Designing the future

First published on November 2011.

Design and Technology was introduced as a statutory subject for all pupils from ages 5 to 16 in the first National Curriculum in 1989. It was a visionary move taken by the then Secretary of State, Kenneth Baker, and, in the 22 years since then, a huge amount has been achieved. The subject provides young people with the opportunity to be creative and to look to the future; to design and make products and services, using a range of materials; to make design decisions that matter to the users of those products and services and to the wider world; to draw on a wide range of knowledge to solve problems in relevant, real-life contexts; and to develop an enterprising attitude and to take risks. It is a hugely challenging and motivating subject that can lead on to employment, FE or HE and to craft, technician or graduate-level careers.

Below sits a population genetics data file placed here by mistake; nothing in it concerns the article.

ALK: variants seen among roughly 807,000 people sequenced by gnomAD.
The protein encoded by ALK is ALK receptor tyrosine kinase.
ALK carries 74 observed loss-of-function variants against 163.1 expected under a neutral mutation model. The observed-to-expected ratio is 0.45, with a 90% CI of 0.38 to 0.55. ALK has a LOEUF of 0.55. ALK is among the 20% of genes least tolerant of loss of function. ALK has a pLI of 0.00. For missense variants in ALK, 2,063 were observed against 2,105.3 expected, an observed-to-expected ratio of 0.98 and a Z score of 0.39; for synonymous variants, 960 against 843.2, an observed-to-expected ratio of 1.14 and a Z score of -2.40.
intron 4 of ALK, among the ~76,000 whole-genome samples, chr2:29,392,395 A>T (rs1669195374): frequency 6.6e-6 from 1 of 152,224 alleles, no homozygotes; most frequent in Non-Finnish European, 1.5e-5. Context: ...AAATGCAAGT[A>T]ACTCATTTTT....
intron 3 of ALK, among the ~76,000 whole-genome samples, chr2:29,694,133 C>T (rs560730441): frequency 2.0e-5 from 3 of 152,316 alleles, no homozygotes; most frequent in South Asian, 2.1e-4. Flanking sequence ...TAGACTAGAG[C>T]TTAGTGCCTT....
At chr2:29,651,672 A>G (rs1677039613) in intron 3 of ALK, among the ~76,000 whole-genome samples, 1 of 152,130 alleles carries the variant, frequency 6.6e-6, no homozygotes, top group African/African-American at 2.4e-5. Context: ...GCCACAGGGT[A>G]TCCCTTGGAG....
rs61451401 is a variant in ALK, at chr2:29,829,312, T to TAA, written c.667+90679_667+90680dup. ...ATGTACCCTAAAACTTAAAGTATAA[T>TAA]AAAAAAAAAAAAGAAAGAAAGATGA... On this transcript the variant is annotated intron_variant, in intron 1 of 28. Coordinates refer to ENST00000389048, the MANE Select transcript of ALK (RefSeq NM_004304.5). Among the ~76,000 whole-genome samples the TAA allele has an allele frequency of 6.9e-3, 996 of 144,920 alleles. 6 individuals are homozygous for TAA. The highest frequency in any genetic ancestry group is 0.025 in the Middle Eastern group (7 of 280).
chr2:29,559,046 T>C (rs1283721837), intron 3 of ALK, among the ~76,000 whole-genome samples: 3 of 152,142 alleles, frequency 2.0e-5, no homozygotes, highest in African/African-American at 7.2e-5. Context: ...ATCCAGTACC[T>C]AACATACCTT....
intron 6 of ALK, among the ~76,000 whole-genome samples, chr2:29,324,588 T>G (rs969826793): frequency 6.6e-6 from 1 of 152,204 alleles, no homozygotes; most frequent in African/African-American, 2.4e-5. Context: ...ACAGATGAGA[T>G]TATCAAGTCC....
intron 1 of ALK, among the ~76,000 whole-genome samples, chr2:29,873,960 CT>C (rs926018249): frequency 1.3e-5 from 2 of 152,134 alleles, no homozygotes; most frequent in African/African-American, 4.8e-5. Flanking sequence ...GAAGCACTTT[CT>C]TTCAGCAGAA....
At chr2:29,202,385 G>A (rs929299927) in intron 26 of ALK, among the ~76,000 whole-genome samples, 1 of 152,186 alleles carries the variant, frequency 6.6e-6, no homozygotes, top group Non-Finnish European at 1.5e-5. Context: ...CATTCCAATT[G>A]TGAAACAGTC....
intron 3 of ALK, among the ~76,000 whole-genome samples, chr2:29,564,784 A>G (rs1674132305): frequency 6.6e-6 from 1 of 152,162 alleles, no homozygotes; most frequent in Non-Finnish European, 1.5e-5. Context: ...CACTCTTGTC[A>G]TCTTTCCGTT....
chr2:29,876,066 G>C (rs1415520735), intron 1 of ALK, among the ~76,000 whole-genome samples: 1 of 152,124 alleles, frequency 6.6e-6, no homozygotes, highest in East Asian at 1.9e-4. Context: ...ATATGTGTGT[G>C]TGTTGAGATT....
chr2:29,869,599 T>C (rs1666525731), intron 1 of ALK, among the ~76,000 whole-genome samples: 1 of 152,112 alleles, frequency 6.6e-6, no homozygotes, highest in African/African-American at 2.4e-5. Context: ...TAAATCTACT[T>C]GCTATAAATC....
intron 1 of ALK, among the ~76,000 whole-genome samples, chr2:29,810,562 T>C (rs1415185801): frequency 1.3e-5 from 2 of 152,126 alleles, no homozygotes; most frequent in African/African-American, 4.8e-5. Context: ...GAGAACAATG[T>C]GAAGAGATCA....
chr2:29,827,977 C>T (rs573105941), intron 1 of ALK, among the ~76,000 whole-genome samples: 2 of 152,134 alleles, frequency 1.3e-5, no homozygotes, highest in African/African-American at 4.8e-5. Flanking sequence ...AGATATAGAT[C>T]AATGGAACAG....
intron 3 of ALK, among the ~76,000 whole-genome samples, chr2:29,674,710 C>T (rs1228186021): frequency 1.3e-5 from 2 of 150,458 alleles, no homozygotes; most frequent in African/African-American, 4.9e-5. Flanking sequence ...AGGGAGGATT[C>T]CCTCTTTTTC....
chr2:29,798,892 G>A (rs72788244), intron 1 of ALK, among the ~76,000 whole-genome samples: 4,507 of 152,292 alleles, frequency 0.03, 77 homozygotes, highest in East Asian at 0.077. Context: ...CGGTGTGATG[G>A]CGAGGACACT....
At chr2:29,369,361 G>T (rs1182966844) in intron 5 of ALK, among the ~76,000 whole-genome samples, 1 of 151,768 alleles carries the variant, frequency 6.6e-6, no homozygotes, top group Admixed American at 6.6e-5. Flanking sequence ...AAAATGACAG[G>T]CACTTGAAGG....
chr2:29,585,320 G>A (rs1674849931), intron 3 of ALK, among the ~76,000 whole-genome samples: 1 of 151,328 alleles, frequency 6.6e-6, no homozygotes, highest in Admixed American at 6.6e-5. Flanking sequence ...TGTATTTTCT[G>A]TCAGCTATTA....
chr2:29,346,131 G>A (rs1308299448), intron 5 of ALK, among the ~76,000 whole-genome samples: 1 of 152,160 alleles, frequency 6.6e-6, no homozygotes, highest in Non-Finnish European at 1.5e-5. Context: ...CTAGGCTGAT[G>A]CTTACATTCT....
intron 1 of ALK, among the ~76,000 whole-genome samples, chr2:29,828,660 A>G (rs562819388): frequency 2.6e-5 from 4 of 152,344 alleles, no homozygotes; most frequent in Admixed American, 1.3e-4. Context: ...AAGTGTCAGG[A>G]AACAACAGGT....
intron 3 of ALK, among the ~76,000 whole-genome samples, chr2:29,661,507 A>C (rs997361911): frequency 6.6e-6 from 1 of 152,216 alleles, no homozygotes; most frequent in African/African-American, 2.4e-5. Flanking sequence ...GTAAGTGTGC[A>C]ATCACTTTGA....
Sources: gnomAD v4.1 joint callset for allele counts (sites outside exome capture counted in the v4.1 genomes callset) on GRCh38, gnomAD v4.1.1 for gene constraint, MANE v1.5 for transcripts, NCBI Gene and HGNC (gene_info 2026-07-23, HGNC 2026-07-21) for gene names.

However, the current review of the National Curriculum potentially puts at risk these major advances which are the envy of many other countries, and there is a possibility that the subject may lose its statutory status. Another threat comes in the form of the newly introduced English Baccalaureate which does not include a technical, creative or practical subject. Many schools are adjusting their Key Stage 4 curricula to ensure EBacc league table success – and for many students, this will mean fewer opportunities to study D&T at GCSE.

With the significant skills shortages that exist in the creative, manufacturing and engineering sectors, I believe that D&T in primary and secondary schools has a vital role to play in sparking the interest and enthusiasm of young people to work in these areas which are essential to our economic recovery and growth. If we are to build on the educational achievements of the last 22 years, we must, firstly, retain D&T as a National Curriculum subject; secondly, review and modernise its content in collaboration with the relevant sectors of business and industry; and thirdly, provide teachers with a comprehensive and coordinated professional development programme to help them introduce these changes. It will be a challenge, but it is a challenge we cannot afford to duck.

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